We went back to Clinton to grab some water after our workout, then returned. Shortly after returning, we finally spotted developing agitated CU up and down the dryline statewide. The most vigorous development was concentrated across far SW OK, however. There was some development occurring to the northwest, but we eventually opted for the southwestern target.

Unfortunately, 'S'-shaped hodographs made an appearance (see my post in the EVENT thread). The first few storms were moving northeastward, and thus left-splits became dominant and right splits noticeably struggled. On the way towards one storm to our southwest that appeared to have rooted and was turning right we passed in front of a left split that showed impressive structure for an anticyclonic storm. Predictably, the right split died as we got to it. There were additional storms to the south and southeast of our storm, so the stream of unstable low-level air was also being cut off by storms upstream. Unfortunately we were already a good 40+ miles (as the crow files) behind the southernmost storm, which was the only one still ingesting undisturbed environmental inflow, and actually had turned pretty hard to the right and was moving nearly due east. It also had thrown off a left split that was raining tennis balls on its way across W OK, partially blocking a route around the storm.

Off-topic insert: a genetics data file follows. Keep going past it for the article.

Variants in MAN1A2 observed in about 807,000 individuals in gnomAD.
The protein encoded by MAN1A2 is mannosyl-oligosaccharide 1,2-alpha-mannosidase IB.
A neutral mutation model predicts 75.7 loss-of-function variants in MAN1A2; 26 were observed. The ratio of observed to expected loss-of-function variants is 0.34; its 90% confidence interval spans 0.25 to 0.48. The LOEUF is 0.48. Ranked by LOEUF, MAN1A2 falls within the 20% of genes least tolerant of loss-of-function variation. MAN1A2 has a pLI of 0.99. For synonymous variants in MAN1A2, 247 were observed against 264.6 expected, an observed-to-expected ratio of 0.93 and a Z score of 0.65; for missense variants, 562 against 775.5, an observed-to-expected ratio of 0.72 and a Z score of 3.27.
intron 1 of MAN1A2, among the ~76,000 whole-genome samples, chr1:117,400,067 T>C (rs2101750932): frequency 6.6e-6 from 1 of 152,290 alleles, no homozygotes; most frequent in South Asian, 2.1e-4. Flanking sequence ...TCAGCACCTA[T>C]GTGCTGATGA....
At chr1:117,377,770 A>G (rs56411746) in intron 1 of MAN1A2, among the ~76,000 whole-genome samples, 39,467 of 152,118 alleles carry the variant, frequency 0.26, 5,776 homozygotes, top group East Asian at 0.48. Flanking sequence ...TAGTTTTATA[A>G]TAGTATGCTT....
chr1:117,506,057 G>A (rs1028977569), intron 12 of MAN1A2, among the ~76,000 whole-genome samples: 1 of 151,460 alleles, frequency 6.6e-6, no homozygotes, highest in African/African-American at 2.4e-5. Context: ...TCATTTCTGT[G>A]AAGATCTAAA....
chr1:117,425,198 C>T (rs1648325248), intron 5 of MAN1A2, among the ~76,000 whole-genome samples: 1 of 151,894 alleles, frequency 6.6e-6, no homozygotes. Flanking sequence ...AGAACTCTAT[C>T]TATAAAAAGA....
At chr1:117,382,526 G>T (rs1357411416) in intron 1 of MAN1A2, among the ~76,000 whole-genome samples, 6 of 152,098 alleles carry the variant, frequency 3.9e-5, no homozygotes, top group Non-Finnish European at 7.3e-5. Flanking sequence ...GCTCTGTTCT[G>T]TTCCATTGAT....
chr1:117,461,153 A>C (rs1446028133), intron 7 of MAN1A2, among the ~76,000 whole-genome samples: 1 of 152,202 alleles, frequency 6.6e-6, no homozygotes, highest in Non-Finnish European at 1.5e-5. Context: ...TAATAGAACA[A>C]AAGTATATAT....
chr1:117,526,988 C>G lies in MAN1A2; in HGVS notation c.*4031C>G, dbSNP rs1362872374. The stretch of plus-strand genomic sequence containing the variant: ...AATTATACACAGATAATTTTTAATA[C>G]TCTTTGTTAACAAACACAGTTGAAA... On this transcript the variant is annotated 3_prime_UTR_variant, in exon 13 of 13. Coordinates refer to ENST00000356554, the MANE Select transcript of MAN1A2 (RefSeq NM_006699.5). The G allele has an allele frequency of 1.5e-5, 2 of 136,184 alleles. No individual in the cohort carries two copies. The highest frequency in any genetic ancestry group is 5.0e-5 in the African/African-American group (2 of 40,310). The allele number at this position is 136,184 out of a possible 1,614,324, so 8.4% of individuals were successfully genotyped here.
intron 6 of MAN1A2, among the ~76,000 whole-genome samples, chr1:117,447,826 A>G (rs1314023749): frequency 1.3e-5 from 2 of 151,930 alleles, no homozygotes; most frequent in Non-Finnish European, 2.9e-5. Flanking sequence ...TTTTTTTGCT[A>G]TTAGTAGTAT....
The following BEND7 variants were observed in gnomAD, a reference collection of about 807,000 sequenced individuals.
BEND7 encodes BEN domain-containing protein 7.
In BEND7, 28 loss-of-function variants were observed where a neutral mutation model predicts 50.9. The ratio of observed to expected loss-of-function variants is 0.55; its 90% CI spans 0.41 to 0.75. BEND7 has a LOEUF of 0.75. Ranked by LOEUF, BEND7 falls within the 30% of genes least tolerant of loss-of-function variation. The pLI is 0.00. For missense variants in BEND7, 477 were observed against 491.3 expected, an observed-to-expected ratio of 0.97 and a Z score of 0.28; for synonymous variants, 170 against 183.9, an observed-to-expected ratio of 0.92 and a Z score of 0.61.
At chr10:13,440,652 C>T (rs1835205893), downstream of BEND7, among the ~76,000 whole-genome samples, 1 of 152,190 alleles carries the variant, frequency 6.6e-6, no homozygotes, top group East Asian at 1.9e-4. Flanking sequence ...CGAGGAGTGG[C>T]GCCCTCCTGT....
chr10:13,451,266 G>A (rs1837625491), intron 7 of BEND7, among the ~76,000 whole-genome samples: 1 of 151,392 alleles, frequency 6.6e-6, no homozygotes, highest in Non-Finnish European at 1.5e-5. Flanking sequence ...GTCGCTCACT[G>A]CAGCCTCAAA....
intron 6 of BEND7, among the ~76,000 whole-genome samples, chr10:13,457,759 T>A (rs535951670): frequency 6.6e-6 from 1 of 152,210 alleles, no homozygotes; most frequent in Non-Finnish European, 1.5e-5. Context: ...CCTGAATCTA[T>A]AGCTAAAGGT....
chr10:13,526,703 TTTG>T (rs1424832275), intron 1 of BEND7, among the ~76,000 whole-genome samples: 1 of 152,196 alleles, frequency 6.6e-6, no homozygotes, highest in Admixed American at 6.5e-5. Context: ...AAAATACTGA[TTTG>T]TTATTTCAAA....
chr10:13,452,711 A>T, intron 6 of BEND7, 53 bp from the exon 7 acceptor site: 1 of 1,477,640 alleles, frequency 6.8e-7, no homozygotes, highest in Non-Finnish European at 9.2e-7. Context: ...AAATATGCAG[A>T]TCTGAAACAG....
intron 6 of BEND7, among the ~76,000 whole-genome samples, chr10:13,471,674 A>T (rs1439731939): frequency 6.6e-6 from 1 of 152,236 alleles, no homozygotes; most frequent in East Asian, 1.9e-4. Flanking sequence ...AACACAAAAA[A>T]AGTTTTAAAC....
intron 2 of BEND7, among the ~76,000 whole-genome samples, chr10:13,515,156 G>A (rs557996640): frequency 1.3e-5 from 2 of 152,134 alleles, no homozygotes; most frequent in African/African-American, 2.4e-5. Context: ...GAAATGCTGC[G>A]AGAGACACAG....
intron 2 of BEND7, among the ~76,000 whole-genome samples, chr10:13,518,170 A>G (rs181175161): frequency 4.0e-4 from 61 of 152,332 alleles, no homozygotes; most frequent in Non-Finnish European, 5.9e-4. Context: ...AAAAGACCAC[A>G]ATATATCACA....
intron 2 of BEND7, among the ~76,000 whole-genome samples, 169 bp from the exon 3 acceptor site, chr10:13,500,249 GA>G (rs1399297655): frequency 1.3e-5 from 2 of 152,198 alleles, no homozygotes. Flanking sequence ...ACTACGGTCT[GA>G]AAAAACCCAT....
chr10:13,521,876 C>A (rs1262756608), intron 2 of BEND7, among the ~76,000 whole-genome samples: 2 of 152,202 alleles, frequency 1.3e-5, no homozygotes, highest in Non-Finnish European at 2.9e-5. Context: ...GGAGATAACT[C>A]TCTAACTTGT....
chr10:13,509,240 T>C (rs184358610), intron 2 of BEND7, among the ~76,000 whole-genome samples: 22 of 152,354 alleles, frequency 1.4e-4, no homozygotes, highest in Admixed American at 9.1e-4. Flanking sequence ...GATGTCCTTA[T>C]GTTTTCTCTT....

I figured we were done at this point, although we had two hopes remaining, but I figured both were low probability:
1) the initial storms had really flown off the dryline and into the warm sector and had left a significant area in their wake with clear skies just ahead of the dryline, and some Mesonet obs suggested cold pools had not yet completely spoiled the environment. Sure enough, shortly after noticing this, new updrafts began to build off the dryline back to our southwest, putting us in great position should any of them become a new supercell. Unfortunately, the area of undisturbed atmosphere between the first storms and the dryline was limited in extent and was quickly overturned by expanding cold pools moving in from the east, so our new updrafts struggled mightily and died. That left us only with hope #2:

2) Make a mad dash for the southernmost storm. We were northwest of it and it was moving east, so logistically, catching this storm was going to be difficult. In most cases, you don't win that race. However, we had a few things going for us. For one, there was basically no traffic, as everyone else was off to the east with the left splits and Tail-end Charlie. Secondly, we had a great road network to take us to the storm despite the presence of the Wichitas - both U.S. 183 and U.S. 62 are well maintained high speed highways, and 62 is four lanes all the way between Altus and Lawton. Thirdly, the storm had really put on the brakes - only moving east at probably 20-30 mph. We actually began to run into the back of the core just as we reached the west side of Lawton.